On this day … Jul 28, 1868 a repost from 2014

WethePeopleFollowing its ratification by the necessary three-quarters of U.S. states, the 14th Amendment, guaranteeing to African Americans citizenship and all its privileges, is officially adopted into the U.S. Constitution.

Two years after the Civil War, the Reconstruction Acts of 1867 divided the South into five military districts, where new state governments, based on universal manhood suffrage, were to be established. Thus began the period known as Radical Reconstruction, which saw the 14th Amendment, which had been passed by Congress in 1866, ratified in July 1868. The amendment resolved pre-Civil War questions of African American citizenship by stating that “all persons born or naturalized in the United States…are citizens of the United States and of the state in which they reside.” The amendment then reaffirmed the privileges and rights of all citizens, and granted all these citizens the “equal protection of the laws.”

In the decades after its adoption, the equal protection clause was cited by a number of African American activists who argued that racial segregation denied them the equal protection of law. However, in 1896, the U.S. Supreme Court ruled in Plessy v. Ferguson that states could constitutionally provide segregated facilities for African Americans, so long as they were equal to those afforded white persons. The Plessy v. Ferguson decision, which announced federal toleration of the so-called “separate but equal” doctrine, was eventually used to justify segregating all public facilities, including railroad cars, restaurants, hospitals, and schools. However, “colored” facilities were never equal to their white counterparts, and African Americans suffered through decades of debilitating discrimination in the South and elsewhere. In 1954, Plessy v. Ferguson was finally struck down by the Supreme Court in its ruling in Brown v. Board of Education of Topeka.


Resource : history.com


1917- July 27-28 , Silent Parade organised by James Weldon Johnson of 10,000 African-Americans who march on 5th Ave in NYC to protest against lynching

Jul 27, 2020 The July 28, 1917 Silent Protest Parade on Fifth Avenue in New York City, was one of the first major mass demonstrations by African Americans. Conceived by James Weldon Johnson and organized by the NAACP with church and community leaders, the protest parade united an estimated 10,000 African Americans who marched down Fifth Avenue, gathering at 55th–59th Streets and proceeding to Madison Square, silently carrying banners condemning racist violence and racial discrimination. More info: https://beinecke.library.yale.edu/191…

NAACP Silent Protest Parade, New York City 7/28/1917

The National Association of the Advancement of Colored People’s (NAACP) Silent Protest Parade, also known as the Silent March, was held in New York City on Saturday, July 28, 1917, on 5th Avenue. This parade came about because the violence acted upon African Americans, including the race riots, lynching, and outages in Texas, Tennessee, Illinois, and other states.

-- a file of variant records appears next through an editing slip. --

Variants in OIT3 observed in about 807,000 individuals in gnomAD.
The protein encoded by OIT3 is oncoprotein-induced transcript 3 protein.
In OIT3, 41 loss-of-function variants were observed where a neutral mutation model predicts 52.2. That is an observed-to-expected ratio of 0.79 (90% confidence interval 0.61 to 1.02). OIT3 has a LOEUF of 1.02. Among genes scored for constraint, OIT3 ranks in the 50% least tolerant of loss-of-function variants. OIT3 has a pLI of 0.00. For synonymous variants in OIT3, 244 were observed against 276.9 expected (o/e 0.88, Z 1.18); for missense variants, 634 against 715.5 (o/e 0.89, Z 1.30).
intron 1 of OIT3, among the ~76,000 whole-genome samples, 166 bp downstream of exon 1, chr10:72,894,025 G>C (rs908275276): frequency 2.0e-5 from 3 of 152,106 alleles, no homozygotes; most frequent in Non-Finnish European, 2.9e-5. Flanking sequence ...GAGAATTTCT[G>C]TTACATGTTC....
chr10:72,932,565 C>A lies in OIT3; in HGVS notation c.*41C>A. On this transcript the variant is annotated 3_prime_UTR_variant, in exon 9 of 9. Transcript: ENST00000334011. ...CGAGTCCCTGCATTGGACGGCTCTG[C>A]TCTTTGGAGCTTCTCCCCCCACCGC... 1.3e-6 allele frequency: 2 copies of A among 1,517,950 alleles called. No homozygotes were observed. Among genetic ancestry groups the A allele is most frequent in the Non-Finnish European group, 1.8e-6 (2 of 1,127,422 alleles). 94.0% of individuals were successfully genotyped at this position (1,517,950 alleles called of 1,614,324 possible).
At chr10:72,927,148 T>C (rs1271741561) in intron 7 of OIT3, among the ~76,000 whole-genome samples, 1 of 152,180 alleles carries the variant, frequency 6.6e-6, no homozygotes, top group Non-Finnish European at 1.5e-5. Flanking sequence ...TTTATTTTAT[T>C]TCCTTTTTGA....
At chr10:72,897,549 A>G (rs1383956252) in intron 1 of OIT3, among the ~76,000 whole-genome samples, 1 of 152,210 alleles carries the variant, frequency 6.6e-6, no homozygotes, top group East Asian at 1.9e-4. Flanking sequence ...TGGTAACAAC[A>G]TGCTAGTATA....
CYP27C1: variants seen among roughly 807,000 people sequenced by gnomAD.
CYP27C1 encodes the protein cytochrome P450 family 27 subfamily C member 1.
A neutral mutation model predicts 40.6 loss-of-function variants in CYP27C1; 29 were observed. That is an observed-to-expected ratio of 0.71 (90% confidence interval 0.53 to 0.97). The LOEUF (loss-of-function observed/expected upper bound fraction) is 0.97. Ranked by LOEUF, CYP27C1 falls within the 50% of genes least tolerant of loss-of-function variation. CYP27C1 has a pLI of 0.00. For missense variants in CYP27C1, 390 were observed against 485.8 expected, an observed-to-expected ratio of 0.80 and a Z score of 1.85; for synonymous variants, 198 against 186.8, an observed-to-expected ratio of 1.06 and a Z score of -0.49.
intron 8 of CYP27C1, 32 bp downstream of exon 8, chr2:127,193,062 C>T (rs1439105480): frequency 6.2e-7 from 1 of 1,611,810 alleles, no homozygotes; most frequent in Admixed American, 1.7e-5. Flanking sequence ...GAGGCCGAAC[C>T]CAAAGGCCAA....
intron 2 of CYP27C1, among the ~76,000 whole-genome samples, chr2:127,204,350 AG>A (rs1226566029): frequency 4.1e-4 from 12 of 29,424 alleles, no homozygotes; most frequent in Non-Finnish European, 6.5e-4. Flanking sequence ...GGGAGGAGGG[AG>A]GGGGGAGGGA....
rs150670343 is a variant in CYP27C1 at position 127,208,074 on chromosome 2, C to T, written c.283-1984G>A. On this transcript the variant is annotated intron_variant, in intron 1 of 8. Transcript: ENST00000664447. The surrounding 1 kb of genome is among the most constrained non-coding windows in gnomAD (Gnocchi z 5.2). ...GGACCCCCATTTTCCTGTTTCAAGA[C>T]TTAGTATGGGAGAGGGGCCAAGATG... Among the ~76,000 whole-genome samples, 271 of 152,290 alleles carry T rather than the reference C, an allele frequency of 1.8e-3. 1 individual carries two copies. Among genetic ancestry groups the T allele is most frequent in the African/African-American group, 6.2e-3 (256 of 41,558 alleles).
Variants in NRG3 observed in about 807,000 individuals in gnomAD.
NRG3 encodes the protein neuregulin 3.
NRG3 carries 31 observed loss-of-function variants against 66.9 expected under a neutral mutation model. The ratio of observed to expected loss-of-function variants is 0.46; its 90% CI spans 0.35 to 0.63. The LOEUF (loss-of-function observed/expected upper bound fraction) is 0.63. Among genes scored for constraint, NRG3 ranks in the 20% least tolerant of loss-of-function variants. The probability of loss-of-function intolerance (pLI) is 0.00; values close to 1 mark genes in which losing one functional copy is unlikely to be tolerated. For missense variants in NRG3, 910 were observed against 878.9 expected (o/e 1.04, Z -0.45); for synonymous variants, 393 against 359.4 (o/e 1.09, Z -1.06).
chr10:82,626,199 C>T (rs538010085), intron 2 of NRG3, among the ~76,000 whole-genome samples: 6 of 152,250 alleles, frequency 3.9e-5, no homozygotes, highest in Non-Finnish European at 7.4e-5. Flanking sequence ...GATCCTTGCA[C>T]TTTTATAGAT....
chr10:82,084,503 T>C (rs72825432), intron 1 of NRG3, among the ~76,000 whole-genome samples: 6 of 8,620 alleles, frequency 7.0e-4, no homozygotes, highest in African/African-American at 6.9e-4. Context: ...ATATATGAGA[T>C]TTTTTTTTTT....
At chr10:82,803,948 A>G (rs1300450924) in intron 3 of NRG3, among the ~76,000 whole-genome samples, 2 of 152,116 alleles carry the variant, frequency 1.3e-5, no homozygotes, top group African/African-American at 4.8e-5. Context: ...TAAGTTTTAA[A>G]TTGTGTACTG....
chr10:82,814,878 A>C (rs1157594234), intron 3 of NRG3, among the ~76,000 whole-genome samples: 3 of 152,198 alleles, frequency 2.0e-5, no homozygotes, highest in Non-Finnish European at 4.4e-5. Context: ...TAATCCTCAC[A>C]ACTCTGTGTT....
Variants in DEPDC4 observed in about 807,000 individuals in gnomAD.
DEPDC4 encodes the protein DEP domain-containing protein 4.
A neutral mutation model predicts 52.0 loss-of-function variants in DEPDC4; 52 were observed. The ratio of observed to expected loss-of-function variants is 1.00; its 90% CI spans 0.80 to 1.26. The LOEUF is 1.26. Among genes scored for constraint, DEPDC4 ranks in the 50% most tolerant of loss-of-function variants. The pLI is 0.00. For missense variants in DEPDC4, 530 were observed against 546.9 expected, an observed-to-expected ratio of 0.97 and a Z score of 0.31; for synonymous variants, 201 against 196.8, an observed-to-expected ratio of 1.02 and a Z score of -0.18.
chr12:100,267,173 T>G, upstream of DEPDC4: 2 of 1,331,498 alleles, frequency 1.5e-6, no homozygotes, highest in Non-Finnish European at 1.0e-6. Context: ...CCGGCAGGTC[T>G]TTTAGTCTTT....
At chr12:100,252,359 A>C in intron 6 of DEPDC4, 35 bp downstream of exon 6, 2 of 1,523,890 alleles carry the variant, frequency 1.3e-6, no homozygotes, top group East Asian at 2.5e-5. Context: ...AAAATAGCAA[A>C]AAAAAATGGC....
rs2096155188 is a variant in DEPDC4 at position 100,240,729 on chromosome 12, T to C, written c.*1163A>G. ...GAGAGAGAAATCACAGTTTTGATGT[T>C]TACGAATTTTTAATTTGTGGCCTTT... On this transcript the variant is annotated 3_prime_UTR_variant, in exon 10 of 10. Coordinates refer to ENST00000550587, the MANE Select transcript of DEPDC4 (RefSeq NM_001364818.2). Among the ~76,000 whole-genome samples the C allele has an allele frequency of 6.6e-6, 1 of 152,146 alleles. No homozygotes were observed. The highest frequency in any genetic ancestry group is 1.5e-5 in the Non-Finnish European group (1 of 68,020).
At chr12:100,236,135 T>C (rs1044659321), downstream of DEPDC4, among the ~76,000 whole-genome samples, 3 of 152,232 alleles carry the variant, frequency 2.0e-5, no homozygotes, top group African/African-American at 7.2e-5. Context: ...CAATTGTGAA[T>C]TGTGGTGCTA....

One incident in particular, the East St. Louis Race Riot, also called the East St. Louis Massacre, was a major catalyst of the silent parade. This horrific event drove close to six thousand blacks from their own burning homes and left several hundred dead.

James Weldon Johnson, the second vice president of the NAACP, brought together other civil rights leaders who gathered at St. Phillips Church in New York to plan protest strategies. None of the group wanted a mass protest, yet all agreed that a silent protest through the streets of the city could spark the idea of racial reform and an end to the violence. Johnson remembered the idea of a silent protest from A NAACP Conference in 1916 when Oswald Garrison Villard suggested it. All the organizations agreed that this parade needed to be comprised of the black citizens, rather than a racially-mixed gathering. They argued that as the principal victims of the violence, African Americans had a special responsibility to participate in this, the first major public protest of racial violence in U.S. history.

The parade went south down 5th Avenue, moved to 57th Street and then to Madison Square. It brought out nearly ten thousand black women, men, and children, who all marched in silence. Johnson urged that the only sound to be heard would be the “the sound of muffled drums.” Children, dressed in white, led the protest, followed by women behind, also dressed in white. Men followed at the rear, dressed in dark suits.

The marchers carried banners and posters stating their reasons for the march. Both participants and onlookers remarked that this protest was unlike any other seen in the city and the nation.  There were no chants, no songs, just silence. As those participating in the parade continued down the streets of New York, black Boy Scouts handed out flyers to those watching that described the NAACP’s struggle against segregation, lynching, and discrimination, as well as other forms of racist oppression.

James Weldon Johnson wrote in his 1938 autobiography, Along This Way, that “the streets of New York have witnessed many strange sites, but I judge, never one stranger than this; among the watchers were those with tears in their eyes.”

Jessie Carney Smith, Linda T. Wynn, Freedom Facts and Firsts: 400 Years of the African American Civil Rights Experience (Visible Ink Press, 2009); James Weldon Johnson, Along This Way:  The Autobiography of James Weldon Johnson (New York: Penguin Classics, 2008); James Barron, “A History of Making Protest Messages Heard, Silently,” The New York Times (June 2012); “Snippet From History #2: The Negro Silent Protest of 1917,” http://www.usprisonculture.com/blog/2013/02/28/snippet-from-history-2-the-negro-silent-protest-of-1917/; “The Negro Silent Protest Parade,”